GUATEMALA CITY – Her triple condition as a woman, Indian and defender of human rights has made Juana Sales, a spokesperson for the Tz’ununija Indigenous Women’s Movement, into one of the most influential voices of Guatemalan activism, which in recent years has become a very high risk pursuit.
“Any defender of human rights is immediately and automatically branded an enemy of the state,” Sales told EFE in an interview.
In 2015, 13 human-rights defenders were slain in this Central American country, six more than the year before. Since 2000 there have been 4,485 officially registered attacks on these activists, almost one a day.
“There are always situations of violence,” said the activist of the Tz’ununija Movement, whose shared leadership eases the pressure on its members: “In my case I’m not so visible, because it’s not just me – we’re a collective.”
Nonetheless, Sales has had her share of direct threats, some even by the authorities: “If you don’t stop annoying them, you know what can happen.”
“Other colleagues have also been threatened,” said Sales, who has been more than five years fighting for the empowerment of Guatemala’s Indian women.
A work she shares with the likes of Lolita Chavez, one of the most active Quiche voices in defense of ancestral lands and water, and whose work Juana Sales often mentions.
It is precisely Guatemala’s forestry, mineral, hydroelectric and oil riches that make the Central American country such a temptation for big multinational corporations, eager to find cheap labor and government permissiveness.
“Peasants in Guatemala have no access to the land... Guatemala is the country, together with Haiti and Brazil, where riches of the land are in the hands of the few,” said the director of the Peasant Unity Committee (CUC), Daniel Pascual, who recently took part along with Sales in a human rights forum organized by Oxfam.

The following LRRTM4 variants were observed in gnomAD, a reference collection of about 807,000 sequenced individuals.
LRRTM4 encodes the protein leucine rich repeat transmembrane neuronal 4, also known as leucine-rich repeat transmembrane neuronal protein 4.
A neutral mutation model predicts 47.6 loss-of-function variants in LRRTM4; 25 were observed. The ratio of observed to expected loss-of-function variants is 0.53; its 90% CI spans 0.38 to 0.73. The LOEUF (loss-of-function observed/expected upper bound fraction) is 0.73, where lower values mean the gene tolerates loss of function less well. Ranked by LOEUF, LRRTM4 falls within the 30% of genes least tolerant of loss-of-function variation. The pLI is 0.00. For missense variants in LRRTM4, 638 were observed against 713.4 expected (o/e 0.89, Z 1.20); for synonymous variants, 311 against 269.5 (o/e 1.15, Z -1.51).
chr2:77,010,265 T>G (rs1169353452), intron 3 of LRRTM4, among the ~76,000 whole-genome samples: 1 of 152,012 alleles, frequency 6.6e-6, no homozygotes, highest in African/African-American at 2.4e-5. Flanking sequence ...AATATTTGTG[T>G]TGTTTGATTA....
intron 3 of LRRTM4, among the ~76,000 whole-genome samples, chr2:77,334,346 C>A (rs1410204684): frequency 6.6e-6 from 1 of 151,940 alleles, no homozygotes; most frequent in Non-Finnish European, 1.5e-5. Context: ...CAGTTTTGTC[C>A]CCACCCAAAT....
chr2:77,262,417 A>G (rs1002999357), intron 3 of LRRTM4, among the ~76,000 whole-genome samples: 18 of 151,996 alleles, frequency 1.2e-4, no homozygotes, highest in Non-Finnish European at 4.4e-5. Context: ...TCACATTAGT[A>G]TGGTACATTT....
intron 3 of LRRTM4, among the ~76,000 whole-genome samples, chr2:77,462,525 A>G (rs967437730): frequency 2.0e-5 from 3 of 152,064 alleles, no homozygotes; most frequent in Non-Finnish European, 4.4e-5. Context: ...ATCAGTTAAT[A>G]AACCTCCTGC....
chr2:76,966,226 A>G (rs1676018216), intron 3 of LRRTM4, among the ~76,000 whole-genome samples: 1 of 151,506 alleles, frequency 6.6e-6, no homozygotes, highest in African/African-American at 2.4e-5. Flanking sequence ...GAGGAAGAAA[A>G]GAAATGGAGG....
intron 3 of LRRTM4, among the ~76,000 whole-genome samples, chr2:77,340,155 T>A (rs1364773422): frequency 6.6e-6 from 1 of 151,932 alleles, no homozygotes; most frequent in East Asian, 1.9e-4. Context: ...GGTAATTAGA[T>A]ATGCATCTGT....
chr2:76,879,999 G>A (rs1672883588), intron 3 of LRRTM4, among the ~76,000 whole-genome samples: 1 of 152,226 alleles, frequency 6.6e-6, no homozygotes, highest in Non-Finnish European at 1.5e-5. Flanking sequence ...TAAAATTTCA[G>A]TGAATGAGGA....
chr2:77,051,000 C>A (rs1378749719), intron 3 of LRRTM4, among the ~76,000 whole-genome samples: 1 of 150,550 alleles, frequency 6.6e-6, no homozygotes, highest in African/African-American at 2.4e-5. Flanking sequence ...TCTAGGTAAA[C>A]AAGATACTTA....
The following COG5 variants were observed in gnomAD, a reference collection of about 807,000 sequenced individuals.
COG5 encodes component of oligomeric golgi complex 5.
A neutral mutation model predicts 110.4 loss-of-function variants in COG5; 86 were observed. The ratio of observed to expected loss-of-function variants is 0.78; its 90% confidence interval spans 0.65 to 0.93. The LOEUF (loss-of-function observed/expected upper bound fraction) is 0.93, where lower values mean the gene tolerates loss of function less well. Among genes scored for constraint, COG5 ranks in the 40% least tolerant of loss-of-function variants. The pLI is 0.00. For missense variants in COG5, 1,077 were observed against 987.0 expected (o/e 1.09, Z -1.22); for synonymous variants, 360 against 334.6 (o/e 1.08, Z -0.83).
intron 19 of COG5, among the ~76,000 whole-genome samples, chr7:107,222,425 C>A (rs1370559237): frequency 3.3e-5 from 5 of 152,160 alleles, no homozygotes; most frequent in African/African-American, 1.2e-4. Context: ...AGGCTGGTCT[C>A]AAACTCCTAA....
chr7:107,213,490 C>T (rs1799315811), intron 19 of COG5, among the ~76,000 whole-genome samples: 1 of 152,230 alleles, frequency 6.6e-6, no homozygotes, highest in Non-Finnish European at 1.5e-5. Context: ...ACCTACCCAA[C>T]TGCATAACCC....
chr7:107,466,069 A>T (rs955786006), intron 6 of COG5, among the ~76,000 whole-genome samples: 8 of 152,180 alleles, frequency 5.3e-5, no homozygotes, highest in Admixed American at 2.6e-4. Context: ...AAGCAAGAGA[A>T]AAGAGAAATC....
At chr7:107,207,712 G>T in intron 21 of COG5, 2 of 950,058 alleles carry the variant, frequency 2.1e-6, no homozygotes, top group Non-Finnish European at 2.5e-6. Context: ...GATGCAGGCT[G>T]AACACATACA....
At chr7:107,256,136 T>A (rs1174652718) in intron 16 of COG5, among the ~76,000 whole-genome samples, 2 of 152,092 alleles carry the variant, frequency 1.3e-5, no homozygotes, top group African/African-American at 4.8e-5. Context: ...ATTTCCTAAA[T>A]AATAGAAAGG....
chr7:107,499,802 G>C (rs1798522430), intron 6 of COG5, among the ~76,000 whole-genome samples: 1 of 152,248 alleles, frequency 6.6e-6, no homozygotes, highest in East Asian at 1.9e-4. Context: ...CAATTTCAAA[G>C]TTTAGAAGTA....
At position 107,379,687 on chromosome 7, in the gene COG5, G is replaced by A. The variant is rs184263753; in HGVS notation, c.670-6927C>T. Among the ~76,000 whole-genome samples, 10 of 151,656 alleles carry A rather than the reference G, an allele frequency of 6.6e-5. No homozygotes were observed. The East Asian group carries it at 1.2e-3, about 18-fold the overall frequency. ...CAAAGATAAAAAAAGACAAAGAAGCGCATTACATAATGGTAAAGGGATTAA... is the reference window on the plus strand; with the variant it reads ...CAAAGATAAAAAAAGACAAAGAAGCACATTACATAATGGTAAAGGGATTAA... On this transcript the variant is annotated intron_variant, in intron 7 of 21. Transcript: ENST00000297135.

The eviction of peasants and indigenous communities from their lands frequently leads to clashes with government forces: “There are governments that maintain an alliance with the landowning class, which leads to permanent confrontations,” Pascual said.
All too often these conflicts leave fatalities: three in Raxruha in August 2014, eight in Totonicapan two years before.
“We run these risks every day,” Juana Sales said, while denouncing governmental “abuse of power”: “The state has the responsibility to guarantee life, liberty and justice. But that’s just not the case.”
Over the past 15 years, Guatemala has had four administrations – Alfonso Portillo, 2000-2004; Oscar Berger, 2004-2008; Alvaro Colom, 2008-2012, and Otto Perez Molina, 2012-2015 – without any “decisive changes” in the human rights panorama, says a report by the Protection Unit for Human Rights Defenders, or Udefegua, published last May.
Arbitrary arrests, forced evictions, slayings, imprisonment... a “constant repression” that has only intensified the “permanent poverty and misery” of Indian communities, Pascual said.
“The government does not respond with policies or institutions, but it does respond with repression when indigenous and peasant populations reclaim their right to the land,” the CUC director said.
As for the administration of Jimmy Morales, sworn-in as president early this year? That remains to be seen, Pascual suggests.
The only thing that is clear, Pascual said, is that as long as Guatemala continues to have problems of access to land, huge hydroelectric and mining projects, evictions, murders and social conflicts, there will be no peace.